Through all this, there was very little information being shared between the schools. 

Not only was this incredibly costly from a financial and resource point of view, but it also prevented key learnings and best practice from being shared. Now, through the introduction of a shared central services team, the process has been consolidated and time spent on budget planning, monitoring and reporting has been halved.

Dipping into your talent pool

The central services team has representation from all our schools and is made up of three former school bursars, a former front office administrator, a former premises administrator and me as CFO – with an employment history of SME transformation and investment and acquisitions.

The team was brought together from the talent pool already within the schools.

Its purpose is to streamline processes and reduce operating waste. The Trust felt the importance of having a unified team for the schools would make processes and decision-making less time consuming and also free up school employees to concentrate on their own responsibilities.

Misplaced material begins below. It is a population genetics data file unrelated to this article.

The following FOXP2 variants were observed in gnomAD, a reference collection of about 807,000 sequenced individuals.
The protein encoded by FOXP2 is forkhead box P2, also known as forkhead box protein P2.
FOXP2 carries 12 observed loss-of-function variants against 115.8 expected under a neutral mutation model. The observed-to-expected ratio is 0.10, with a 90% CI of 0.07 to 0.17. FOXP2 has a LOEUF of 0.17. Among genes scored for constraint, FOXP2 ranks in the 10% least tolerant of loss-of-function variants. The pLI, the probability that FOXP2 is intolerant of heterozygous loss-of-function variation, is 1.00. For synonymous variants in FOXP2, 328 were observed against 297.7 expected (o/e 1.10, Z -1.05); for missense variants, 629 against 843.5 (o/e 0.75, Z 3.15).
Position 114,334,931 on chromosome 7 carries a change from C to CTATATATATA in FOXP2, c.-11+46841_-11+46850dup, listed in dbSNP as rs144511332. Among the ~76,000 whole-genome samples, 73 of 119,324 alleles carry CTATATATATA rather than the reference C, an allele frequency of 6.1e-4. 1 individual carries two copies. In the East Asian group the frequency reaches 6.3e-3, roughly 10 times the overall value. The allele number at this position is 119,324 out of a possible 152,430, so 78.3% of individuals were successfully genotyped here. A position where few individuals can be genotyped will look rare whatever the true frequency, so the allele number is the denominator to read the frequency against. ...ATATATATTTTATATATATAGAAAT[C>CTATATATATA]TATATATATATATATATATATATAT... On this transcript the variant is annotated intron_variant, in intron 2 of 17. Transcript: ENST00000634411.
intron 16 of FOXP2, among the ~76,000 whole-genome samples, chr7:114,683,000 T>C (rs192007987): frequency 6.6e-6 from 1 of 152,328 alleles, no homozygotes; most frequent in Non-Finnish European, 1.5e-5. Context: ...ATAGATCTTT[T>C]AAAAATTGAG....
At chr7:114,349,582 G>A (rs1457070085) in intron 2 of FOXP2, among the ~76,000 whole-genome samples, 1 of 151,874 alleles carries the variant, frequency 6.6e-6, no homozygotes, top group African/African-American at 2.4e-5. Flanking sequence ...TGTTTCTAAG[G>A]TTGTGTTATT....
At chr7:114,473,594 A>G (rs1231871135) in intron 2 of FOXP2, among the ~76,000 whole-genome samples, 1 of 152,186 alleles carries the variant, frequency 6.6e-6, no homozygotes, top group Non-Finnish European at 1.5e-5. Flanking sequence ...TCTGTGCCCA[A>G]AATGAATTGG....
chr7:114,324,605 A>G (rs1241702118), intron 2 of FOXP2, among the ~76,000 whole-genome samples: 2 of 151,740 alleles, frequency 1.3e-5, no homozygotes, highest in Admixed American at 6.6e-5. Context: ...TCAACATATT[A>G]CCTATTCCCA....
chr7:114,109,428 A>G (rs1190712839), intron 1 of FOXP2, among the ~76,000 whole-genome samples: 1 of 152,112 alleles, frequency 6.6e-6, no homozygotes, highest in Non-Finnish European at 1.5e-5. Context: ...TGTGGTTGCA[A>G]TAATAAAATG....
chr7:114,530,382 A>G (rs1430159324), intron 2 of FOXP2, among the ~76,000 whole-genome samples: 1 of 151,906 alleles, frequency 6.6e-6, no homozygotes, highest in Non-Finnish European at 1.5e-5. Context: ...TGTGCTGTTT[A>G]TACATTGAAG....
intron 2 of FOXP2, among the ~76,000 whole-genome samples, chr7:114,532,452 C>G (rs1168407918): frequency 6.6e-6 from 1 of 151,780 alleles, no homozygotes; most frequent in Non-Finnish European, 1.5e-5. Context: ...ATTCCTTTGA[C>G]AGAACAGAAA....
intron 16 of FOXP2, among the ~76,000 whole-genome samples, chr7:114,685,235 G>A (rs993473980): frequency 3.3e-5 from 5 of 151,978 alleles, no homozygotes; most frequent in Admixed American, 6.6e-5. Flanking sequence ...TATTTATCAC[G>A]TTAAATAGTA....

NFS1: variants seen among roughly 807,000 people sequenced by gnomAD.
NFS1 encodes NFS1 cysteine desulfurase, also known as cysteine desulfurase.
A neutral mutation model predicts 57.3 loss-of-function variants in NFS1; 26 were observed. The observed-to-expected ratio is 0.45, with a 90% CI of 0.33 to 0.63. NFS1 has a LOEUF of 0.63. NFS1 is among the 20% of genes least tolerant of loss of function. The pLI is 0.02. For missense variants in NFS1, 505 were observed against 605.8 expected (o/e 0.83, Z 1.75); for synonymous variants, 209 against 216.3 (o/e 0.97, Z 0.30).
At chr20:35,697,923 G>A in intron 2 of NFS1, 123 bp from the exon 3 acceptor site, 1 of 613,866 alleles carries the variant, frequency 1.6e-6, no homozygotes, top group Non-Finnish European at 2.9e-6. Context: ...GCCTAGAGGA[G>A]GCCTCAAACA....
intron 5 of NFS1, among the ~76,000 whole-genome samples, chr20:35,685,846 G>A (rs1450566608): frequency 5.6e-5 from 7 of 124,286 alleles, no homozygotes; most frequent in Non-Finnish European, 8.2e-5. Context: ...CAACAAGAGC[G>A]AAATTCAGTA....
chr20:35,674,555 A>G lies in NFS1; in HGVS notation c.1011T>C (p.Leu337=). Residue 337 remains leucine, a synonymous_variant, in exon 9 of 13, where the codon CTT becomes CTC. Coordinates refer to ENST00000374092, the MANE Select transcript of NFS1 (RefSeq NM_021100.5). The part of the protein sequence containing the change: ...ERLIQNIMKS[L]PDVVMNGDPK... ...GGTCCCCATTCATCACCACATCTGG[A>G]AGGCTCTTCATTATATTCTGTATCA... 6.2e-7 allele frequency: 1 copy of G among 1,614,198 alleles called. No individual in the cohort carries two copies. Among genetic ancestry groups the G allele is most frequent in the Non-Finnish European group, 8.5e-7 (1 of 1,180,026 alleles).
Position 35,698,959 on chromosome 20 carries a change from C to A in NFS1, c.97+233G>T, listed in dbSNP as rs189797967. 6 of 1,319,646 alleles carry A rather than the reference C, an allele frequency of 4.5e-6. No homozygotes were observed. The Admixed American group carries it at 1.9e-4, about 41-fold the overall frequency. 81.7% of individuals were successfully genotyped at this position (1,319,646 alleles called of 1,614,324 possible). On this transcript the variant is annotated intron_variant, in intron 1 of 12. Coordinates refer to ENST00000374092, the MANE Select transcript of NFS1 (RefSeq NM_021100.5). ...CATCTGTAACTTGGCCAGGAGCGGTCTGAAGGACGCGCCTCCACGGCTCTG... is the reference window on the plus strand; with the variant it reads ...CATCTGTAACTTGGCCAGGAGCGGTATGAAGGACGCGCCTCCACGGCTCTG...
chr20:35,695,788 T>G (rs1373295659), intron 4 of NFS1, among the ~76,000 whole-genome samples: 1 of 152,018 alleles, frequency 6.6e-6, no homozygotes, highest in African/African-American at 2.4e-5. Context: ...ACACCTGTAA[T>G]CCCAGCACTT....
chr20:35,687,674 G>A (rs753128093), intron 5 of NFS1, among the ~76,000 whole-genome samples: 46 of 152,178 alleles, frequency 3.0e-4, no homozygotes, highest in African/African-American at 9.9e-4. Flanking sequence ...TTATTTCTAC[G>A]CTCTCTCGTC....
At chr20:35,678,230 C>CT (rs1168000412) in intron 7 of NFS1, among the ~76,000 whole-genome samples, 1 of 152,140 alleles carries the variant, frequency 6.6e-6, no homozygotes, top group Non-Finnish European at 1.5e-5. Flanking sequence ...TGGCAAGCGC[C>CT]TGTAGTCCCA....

The office is located on school grounds, keeping funding within the Trust. The process of creating the team was intense, with tight timeframes; the budget had to be decided, which included the necessary roles, the pay bands those roles might require for the level of experience and then the application process for roles could begin. 

I think of our CST as a horizonal integration and not a vertical one. Each team member has a set of duties that cover all schools, rather than having a set of duties that cover just one school.

In this way, all schools are treated in the same way and all processing follows the same procedures.

Using the right software

While planning and reporting are vital elements of any budget, in today’s challenging economic climate the ability to monitor budgets in real time is also essential - something we’ve only been able to do since implementing the Access Finance and Budgets software.